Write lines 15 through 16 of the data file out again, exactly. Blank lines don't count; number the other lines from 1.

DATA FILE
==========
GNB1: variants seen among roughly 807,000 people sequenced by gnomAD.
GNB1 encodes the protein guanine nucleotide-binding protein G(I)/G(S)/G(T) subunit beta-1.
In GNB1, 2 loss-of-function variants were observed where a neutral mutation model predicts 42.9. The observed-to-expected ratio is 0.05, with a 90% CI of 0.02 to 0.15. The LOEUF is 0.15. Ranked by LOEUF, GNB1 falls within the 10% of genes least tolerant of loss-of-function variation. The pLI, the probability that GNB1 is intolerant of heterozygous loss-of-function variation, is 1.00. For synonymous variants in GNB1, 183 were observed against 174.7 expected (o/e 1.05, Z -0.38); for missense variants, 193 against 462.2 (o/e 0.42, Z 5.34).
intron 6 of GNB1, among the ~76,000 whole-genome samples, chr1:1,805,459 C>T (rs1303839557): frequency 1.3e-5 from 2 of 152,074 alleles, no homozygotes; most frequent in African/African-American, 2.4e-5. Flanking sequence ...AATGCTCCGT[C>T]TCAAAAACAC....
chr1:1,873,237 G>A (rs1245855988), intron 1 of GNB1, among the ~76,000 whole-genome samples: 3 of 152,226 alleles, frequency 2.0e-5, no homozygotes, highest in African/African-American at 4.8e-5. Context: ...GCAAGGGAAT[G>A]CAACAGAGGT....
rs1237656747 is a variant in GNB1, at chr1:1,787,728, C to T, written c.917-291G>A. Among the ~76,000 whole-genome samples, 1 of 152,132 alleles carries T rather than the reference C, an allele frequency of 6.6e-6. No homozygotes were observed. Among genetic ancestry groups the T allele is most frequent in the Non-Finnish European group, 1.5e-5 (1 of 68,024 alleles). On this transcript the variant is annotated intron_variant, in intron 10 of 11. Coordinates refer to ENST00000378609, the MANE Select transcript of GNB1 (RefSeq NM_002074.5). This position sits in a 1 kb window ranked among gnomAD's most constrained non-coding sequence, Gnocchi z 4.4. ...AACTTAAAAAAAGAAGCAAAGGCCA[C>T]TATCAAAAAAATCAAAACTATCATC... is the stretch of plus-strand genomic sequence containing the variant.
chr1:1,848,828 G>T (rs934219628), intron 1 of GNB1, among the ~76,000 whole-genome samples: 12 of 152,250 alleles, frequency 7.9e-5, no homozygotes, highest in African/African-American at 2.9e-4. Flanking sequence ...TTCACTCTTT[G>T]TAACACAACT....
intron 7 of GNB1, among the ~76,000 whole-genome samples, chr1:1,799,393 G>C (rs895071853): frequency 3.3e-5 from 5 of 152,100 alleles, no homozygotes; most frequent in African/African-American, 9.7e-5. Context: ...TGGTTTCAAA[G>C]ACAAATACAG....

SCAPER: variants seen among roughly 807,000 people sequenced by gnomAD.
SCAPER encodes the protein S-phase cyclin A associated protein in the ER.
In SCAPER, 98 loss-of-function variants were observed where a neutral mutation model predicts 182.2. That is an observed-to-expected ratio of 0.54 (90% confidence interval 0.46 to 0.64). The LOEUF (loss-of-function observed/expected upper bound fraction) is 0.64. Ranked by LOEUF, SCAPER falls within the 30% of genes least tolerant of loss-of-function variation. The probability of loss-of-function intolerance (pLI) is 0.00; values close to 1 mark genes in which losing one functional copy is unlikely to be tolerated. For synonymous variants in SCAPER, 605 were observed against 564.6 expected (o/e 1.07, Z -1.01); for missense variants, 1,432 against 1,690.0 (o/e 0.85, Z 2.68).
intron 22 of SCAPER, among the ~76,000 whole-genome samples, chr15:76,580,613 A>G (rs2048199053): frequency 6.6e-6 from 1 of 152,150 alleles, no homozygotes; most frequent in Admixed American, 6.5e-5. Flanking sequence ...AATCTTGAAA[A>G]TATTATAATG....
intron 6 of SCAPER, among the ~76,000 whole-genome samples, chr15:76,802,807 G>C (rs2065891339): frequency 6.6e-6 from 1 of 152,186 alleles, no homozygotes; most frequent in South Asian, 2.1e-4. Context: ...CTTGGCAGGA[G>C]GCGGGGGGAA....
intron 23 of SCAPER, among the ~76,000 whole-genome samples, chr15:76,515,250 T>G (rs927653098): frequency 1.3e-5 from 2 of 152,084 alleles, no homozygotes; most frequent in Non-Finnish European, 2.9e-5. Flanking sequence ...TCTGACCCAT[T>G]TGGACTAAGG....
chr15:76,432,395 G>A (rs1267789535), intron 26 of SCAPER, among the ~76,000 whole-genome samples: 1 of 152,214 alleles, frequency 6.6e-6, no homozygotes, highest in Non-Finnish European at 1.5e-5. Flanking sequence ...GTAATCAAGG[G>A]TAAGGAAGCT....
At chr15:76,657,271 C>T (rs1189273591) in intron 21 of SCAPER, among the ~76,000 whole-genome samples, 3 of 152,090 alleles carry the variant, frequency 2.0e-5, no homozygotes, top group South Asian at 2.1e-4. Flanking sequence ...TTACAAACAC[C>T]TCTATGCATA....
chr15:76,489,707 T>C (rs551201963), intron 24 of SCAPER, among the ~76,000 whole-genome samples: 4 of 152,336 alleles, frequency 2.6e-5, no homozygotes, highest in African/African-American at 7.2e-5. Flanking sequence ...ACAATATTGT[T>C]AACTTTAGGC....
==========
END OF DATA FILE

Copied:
chr15:76,432,395 G>A (rs1267789535), intron 26 of SCAPER, among the ~76,000 whole-genome samples: 1 of 152,214 alleles, frequency 6.6e-6, no homozygotes, highest in Non-Finnish European at 1.5e-5. Flanking sequence ...GTAATCAAGG[G>A]TAAGGAAGCT....
At chr15:76,657,271 C>T (rs1189273591) in intron 21 of SCAPER, among the ~76,000 whole-genome samples, 3 of 152,090 alleles carry the variant, frequency 2.0e-5, no homozygotes, top group South Asian at 2.1e-4. Flanking sequence ...TTACAAACAC[C>T]TCTATGCATA....